Wyclef Jean Reflects On His Haitian Presidency Bid
Exclusive: The Fugees-emcee explains the reasoning behind releasing "April Showers," his intentions for his newly launched record label All Handz On Deck, Masons, the Illuminati and his ultimate legacy.
There’s an unexpected moment in this wide-ranging interview with Wyclef Jean. Before describing the investment needed to make his ravished homeland (Haiti) “fly like Jamaica” and the Dominican Republic, and after detailing the golden microphone that helped secure his first Battle Rap victory—The Preacher's Son explains why he's releasing his mixtape “April Showers.”
“For me, it’s important that before I go on my next journey musically of building my new record company [All Handz On Deck], that I take it to the essence,” Clef told HipHopDX exclusively in his Midtown Manhattan recording studio. He continued:
“I want a 15-year-old to know what I used to do. It’s important, ‘cause if he sees me running for president, then he hears "April Showers" and he sees me spitting, he’s looking at this interview like, ‘I didn’t know! I didn’t know what Wyclef did. I thought the guy ran for president and he sang with Shakira [on] ‘Hips Don't Lie.’ Wow, you mean he’s from Hip Hop? You mean he be rapping like that?’ Then all of a sudden, it’s gonna give the youth a whole ‘nother energy that I need them to ride with. That’s why we’re putting out "April Showers."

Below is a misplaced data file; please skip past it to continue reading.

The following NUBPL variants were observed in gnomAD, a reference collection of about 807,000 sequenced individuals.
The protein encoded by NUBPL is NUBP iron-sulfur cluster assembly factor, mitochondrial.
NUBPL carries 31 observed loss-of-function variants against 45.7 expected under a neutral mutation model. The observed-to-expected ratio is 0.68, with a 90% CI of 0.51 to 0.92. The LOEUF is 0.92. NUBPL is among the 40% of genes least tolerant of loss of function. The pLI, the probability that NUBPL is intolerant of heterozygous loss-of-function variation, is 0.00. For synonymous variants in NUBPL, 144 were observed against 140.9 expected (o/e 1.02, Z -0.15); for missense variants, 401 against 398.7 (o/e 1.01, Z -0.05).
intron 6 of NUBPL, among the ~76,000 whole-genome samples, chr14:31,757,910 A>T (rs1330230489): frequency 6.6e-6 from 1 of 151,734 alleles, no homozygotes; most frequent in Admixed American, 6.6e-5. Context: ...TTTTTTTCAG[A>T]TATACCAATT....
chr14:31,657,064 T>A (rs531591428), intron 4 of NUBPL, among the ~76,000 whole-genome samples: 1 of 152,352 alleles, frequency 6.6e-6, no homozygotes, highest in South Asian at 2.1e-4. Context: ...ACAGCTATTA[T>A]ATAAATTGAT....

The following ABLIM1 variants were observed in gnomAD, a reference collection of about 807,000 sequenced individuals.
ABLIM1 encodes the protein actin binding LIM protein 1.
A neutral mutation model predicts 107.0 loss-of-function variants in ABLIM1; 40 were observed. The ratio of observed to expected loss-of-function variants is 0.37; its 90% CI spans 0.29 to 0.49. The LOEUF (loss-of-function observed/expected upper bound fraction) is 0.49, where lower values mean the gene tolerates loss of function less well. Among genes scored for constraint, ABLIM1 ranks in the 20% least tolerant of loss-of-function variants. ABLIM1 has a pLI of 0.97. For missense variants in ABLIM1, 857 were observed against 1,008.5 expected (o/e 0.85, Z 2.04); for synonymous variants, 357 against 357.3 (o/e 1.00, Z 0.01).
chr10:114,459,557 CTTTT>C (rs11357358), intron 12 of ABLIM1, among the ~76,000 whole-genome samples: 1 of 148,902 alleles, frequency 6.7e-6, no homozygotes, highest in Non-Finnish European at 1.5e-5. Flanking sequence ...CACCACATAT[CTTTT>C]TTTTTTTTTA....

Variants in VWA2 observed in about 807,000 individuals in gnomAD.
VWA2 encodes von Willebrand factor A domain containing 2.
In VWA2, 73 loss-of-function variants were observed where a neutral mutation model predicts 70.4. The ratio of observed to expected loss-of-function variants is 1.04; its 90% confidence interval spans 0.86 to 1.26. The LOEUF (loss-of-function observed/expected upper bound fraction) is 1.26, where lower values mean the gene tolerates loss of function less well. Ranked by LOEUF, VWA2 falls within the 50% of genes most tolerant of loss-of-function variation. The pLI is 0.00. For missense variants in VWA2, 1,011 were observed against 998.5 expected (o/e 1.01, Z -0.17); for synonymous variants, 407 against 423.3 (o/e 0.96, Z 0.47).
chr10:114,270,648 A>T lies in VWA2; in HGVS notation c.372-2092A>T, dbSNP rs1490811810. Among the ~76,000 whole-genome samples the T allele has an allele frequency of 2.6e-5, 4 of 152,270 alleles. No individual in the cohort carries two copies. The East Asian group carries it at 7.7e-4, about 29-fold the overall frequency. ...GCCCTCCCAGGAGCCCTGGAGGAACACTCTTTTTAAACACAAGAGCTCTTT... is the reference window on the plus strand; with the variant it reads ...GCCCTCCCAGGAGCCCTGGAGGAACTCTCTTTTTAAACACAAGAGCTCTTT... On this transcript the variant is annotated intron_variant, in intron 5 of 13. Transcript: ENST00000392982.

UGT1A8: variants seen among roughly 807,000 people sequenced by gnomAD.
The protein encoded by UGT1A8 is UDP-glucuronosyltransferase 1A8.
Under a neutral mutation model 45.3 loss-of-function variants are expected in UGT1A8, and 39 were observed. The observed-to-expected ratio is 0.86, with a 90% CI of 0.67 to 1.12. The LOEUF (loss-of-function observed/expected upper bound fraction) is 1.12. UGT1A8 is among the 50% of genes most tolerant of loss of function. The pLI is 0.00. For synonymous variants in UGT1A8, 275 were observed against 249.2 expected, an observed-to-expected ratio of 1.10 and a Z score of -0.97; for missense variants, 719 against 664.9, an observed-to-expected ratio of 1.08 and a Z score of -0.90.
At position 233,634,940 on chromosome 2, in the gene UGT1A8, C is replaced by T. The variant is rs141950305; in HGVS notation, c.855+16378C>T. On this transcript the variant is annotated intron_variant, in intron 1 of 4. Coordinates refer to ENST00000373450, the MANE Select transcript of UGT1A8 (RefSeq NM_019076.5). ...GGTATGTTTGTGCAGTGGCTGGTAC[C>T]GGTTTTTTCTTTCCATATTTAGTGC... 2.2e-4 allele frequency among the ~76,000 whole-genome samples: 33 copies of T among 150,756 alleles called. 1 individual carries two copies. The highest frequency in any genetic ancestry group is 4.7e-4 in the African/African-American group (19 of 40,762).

There isn’t much Wyclef hasn’t experienced during his transformative foray through Hip Hop history. Away from the Grammy victories and classic albums; away from the platinum plaques, heartaches and accolades—the Haitian-native’s musical repertoire somewhat served as the prototype for the post-Love Below industry landscape.
Andre 3000’s seminal half of Outkast’s diamond selling masterpiece, Speakerboxxx/The Love Below is often credited as the lynchpin for rappers to start singing shamelessly. Clef’s been singing on wax since before his rendition of Bob Marley’s “No Woman No Cry” on The Fugees’ The Score. He’s been playing strings since way before his cameo appearance in Rakim’s video for “Don’t Sweat The Technique.” He’s always been progressive; always been lyrically sharp.
So—on face value—it’s a bit unexpected hearing one of the Golden Era’s most genre breaking emcees describe his label-launching return as a means to reach the teens. But since 1994’s Blunted On Reality, on or off wax, fortunately Clef has never embodied the predictable.
Wyclef Recalls His Battle Rap Origins
HipHopDX: Everyone knows about your time with the Fugees and your subsequent solo work. What can you tell us about the early days of Wyclef and your Hip Hop origins?